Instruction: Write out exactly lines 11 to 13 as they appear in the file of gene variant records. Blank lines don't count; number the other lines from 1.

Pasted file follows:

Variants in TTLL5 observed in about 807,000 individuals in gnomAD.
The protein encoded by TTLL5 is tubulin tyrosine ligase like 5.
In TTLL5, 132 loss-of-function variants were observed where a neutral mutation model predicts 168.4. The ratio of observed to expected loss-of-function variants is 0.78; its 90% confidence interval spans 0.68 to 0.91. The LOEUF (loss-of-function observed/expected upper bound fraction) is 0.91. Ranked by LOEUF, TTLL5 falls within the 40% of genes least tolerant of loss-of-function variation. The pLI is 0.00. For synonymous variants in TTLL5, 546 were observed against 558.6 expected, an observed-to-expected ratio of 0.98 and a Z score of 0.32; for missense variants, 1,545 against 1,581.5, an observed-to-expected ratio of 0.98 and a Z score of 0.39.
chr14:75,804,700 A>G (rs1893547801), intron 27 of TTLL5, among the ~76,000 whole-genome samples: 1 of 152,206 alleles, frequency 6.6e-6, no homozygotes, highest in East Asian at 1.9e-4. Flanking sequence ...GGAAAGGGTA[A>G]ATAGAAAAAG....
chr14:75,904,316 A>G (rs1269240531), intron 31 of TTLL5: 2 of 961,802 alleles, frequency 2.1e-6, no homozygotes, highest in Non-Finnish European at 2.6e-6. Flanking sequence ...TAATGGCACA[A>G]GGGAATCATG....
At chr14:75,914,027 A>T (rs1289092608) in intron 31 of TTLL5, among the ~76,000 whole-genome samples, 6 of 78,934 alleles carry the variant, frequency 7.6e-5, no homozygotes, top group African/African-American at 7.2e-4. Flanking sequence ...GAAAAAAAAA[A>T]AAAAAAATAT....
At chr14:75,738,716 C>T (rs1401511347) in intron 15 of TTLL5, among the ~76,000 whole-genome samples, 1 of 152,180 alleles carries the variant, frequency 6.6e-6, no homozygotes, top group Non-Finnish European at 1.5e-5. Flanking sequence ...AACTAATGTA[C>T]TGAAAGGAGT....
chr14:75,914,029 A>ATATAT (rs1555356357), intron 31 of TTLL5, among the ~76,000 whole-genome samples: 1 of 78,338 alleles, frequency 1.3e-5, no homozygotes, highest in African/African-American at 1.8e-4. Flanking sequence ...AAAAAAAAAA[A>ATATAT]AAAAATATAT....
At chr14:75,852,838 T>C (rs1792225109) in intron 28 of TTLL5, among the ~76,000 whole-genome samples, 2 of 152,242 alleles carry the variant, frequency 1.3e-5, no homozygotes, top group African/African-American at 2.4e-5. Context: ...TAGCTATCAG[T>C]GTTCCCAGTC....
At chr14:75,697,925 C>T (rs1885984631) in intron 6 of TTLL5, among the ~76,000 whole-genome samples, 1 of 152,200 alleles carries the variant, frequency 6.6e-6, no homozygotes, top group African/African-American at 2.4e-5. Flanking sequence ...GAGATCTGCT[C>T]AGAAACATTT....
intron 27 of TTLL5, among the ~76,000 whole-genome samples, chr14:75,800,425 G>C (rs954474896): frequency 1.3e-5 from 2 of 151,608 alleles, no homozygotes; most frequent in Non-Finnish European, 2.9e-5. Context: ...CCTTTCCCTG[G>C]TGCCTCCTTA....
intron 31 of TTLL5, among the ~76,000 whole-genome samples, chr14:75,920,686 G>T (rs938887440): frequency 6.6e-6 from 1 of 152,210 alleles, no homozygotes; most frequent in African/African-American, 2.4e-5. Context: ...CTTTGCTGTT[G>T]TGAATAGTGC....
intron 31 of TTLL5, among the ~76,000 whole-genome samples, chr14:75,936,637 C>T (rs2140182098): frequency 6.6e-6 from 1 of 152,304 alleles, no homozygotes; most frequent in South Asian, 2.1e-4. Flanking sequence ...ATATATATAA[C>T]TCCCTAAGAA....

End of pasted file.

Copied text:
intron 27 of TTLL5, among the ~76,000 whole-genome samples, chr14:75,800,425 G>C (rs954474896): frequency 1.3e-5 from 2 of 151,608 alleles, no homozygotes; most frequent in Non-Finnish European, 2.9e-5. Context: ...CCTTTCCCTG[G>C]TGCCTCCTTA....
intron 31 of TTLL5, among the ~76,000 whole-genome samples, chr14:75,920,686 G>T (rs938887440): frequency 6.6e-6 from 1 of 152,210 alleles, no homozygotes; most frequent in African/African-American, 2.4e-5. Context: ...CTTTGCTGTT[G>T]TGAATAGTGC....
intron 31 of TTLL5, among the ~76,000 whole-genome samples, chr14:75,936,637 C>T (rs2140182098): frequency 6.6e-6 from 1 of 152,304 alleles, no homozygotes; most frequent in South Asian, 2.1e-4. Flanking sequence ...ATATATATAA[C>T]TCCCTAAGAA....